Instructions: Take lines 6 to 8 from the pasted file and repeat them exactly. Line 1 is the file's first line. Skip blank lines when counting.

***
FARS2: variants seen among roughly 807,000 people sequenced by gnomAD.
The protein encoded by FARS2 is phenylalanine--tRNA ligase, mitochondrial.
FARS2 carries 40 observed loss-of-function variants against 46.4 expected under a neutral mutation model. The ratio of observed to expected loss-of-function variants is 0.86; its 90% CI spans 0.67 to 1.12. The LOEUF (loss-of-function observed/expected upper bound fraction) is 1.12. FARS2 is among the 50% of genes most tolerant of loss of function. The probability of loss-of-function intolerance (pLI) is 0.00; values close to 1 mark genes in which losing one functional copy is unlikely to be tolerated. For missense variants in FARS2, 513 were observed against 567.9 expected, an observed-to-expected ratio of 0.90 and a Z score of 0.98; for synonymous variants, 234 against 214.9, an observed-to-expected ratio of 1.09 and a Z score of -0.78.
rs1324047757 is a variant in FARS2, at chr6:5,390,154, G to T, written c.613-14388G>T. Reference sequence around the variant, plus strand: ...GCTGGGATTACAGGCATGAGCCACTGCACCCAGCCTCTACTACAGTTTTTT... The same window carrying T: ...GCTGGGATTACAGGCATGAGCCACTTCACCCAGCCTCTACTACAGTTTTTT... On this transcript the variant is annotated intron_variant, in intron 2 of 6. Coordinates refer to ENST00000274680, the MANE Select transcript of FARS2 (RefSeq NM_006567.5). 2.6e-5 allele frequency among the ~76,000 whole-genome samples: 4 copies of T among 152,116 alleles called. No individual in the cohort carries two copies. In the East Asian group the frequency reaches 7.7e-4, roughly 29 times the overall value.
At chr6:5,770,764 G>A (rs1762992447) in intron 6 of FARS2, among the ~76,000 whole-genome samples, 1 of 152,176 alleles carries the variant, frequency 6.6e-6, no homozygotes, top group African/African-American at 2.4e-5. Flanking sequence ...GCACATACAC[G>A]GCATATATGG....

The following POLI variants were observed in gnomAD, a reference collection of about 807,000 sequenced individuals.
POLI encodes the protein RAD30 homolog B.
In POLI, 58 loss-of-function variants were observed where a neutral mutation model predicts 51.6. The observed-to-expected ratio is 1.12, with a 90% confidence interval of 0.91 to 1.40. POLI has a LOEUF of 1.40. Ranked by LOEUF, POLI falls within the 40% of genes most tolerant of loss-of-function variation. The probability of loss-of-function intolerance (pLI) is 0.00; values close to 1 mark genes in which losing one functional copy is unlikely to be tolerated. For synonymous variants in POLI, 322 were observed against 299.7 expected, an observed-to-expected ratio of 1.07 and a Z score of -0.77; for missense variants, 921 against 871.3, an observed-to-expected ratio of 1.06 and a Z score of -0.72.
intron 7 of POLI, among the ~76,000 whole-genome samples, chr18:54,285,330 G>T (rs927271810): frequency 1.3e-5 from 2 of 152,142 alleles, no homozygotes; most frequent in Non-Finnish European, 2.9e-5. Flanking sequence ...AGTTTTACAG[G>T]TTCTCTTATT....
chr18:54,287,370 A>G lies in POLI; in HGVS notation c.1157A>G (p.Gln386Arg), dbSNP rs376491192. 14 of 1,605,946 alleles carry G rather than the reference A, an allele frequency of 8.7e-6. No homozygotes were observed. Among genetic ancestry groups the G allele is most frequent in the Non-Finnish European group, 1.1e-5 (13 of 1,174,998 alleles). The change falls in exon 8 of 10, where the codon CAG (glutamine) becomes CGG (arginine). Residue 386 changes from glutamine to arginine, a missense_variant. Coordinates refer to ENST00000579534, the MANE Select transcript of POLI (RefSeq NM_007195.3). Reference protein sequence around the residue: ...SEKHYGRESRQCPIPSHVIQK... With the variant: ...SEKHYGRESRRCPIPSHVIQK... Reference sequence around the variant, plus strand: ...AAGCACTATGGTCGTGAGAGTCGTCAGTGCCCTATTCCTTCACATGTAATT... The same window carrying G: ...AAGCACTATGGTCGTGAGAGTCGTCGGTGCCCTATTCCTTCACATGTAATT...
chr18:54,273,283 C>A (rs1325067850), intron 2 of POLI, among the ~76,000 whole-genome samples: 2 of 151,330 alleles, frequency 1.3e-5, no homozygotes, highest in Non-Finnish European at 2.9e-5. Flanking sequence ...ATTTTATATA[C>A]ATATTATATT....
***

The following POLI variants were observed in gnomAD, a reference collection of about 807,000 sequenced individuals.
POLI encodes the protein RAD30 homolog B.
In POLI, 58 loss-of-function variants were observed where a neutral mutation model predicts 51.6. The observed-to-expected ratio is 1.12, with a 90% confidence interval of 0.91 to 1.40. POLI has a LOEUF of 1.40. Ranked by LOEUF, POLI falls within the 40% of genes most tolerant of loss-of-function variation. The probability of loss-of-function intolerance (pLI) is 0.00; values close to 1 mark genes in which losing one functional copy is unlikely to be tolerated. For synonymous variants in POLI, 322 were observed against 299.7 expected, an observed-to-expected ratio of 1.07 and a Z score of -0.77; for missense variants, 921 against 871.3, an observed-to-expected ratio of 1.06 and a Z score of -0.72.